By Jeff Odom
When Kyle and Eric Schindler signed to play baseball at St. Petersburg College (SPC) last spring, neither brother knew how special the experience could be.
The Freedom High graduates spent four years playing baseball for the Patriots, molding the team into a contender and helping it clinch its first winning season (15-10) and playoff berth in program history last year.
As seniors, Kyle, a right-handed pitcher and infielder, went 4-4 with a 2.33 ERA in 57 innings pitched and Eric, a catcher and outfielder, batted .388 with 10 RBI.
Now, the twins have focused their attention on turning around the SPC program the way they always have — together.
The Schindlers started playing youth baseball at the age of 6. The two were inseparable from Little League through AAU and high school.
“All through our life it’s been great,” Kyle said. “We’ve always been on the field together.”
The brothers said they wanted to help build Freedom’s baseball program from Day 1, but they found it was harder than they imagined.
The squad had a combined record of 29-40 their first three years before finally showing its potential in 2012 when the Patriots qualified for the playoffs as the Class 7A-District 9 runner-up.
“It was great,” Eric said. “Freshman year we were 10-13. Sophomore year we only won eight or nine games, and it was awful. Then we came out junior year and shocked a lot of teams and started out 6-0. … Then, we turned it all around senior year and pretty much said hop on, boys. Let’s go.”
The duo didn’t have any doubt that they would continue their baseball journey with each other, no matter what college they ended up at.
“We went to different schools to work out like College of Central Florida, Brevard, Hillsborough and Daytona (community colleges), and then after every single workout we didn’t feel as good about it, but when we visited St. Pete it felt right,” Eric said.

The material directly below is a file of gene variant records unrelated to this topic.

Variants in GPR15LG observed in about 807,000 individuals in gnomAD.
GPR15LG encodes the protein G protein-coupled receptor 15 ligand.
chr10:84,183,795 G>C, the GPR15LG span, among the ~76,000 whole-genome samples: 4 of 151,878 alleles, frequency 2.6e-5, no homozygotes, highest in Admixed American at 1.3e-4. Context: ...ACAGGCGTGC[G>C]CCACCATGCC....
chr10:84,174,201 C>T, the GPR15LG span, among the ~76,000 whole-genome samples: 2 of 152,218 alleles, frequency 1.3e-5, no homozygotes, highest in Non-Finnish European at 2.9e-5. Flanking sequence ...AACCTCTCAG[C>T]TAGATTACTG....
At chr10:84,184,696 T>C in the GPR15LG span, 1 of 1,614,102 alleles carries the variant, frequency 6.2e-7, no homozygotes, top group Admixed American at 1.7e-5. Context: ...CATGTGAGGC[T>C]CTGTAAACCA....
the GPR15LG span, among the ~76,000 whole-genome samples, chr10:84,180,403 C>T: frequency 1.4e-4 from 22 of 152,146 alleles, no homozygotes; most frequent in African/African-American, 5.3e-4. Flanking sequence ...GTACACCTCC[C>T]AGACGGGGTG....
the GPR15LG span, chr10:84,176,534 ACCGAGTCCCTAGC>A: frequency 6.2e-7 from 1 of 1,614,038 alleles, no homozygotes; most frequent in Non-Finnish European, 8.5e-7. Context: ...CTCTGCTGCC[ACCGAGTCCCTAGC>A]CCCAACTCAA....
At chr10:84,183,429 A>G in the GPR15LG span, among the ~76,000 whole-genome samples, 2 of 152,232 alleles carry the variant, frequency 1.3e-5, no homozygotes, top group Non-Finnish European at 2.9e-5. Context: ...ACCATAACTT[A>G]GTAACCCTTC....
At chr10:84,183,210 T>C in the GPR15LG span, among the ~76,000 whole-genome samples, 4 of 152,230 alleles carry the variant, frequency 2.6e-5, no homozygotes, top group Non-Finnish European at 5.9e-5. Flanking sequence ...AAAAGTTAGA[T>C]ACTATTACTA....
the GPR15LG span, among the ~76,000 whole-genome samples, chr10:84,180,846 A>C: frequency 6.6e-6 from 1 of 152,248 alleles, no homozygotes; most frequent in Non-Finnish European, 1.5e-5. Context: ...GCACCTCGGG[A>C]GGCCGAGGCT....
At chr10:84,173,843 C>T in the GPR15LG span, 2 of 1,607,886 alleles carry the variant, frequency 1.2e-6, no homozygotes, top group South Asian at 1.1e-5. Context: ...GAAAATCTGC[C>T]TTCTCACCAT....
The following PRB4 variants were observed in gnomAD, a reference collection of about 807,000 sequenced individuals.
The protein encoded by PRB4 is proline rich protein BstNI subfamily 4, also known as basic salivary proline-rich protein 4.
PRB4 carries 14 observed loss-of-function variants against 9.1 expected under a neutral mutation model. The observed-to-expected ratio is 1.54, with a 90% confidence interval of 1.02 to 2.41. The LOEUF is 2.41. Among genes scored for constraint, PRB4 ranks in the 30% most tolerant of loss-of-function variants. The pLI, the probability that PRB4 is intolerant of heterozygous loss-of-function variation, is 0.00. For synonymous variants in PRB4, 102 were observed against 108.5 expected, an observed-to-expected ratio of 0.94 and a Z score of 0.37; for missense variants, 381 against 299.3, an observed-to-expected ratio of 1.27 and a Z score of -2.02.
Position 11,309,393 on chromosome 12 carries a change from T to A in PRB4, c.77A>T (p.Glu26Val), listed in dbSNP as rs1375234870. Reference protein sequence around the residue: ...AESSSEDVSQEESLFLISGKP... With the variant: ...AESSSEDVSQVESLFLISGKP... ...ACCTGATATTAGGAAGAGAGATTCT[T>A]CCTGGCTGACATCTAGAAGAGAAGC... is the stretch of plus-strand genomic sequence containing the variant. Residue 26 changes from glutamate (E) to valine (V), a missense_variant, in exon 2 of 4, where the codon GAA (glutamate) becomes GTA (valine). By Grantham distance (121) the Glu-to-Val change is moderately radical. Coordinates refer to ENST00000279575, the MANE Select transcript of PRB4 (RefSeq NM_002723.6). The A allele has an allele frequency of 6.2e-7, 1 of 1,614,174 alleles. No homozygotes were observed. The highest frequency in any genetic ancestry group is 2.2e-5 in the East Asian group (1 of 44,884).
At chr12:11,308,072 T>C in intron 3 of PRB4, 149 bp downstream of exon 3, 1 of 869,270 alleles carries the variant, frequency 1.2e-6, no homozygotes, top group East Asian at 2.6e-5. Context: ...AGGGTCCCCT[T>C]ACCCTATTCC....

They quickly decided SPC was going to be their next home.
“When we told people we were going to the same school together, they were like, ‘Oh, really?’ and the first thing they would be is shocked,” Kyle said. “I guess you don’t see that often; twin brothers or brothers in general going to the same school together. It’s a blessing, though.”
Eric said the biggest thing that stuck out to him was the opportunity to play in front of family and friends.
“Everyone that you’ve played with, all of your teammates and coaches and friends and family, they can still see you progress and watch you keep playing,” Eric said.
The SPC has dealt with its share of trouble during the past few seasons.
The program was cited for recruiting violations by the Florida Community College Activities Association in 2010 and was forced to forfeit its 2008-09 Suncoast Conference title, all regular season games from 2008 to 2010 and was slapped with a two-year postseason ban. Then, former coach Rob Francis was dismissed following an arrest in 2011.
The Schindlers said the opportunity to help rebuild the program — much like they did at Freedom — was actually a bonus.
“It’s easy to go to a big school and win all the time, but to turn a program that is not as highly known as other schools is a great thing to do,” Eric said. “Our assistant coach had a talk with all of the freshman before the season, and he was talking about the different kids coming in and how we have to start winning. … We told him that we had turned a program around to be one of the best in the county, and that it felt amazing. … I really feel like this can be the same situation, and it’s going to be huge.”
Kyle echoed his brother and said they hope to one day be compared to other famous siblings in the major leagues like B.J. and Justin Upton of the Atlanta Braves.
“Our coach in the fall told me and Eric that we play the game the right way,” Kyle said. “He said to everyone in the room, ‘I’m not trying to boost up anybody or fill anyone’s head, but there’s two people in this room that may not get drafted, but the Schindler brothers are known around the state for how they play the game.’ … Even to this day, people tell us they hated playing against us, but they respected us, and I think that’s because we’ve been playing the game the right way and that will always be key.”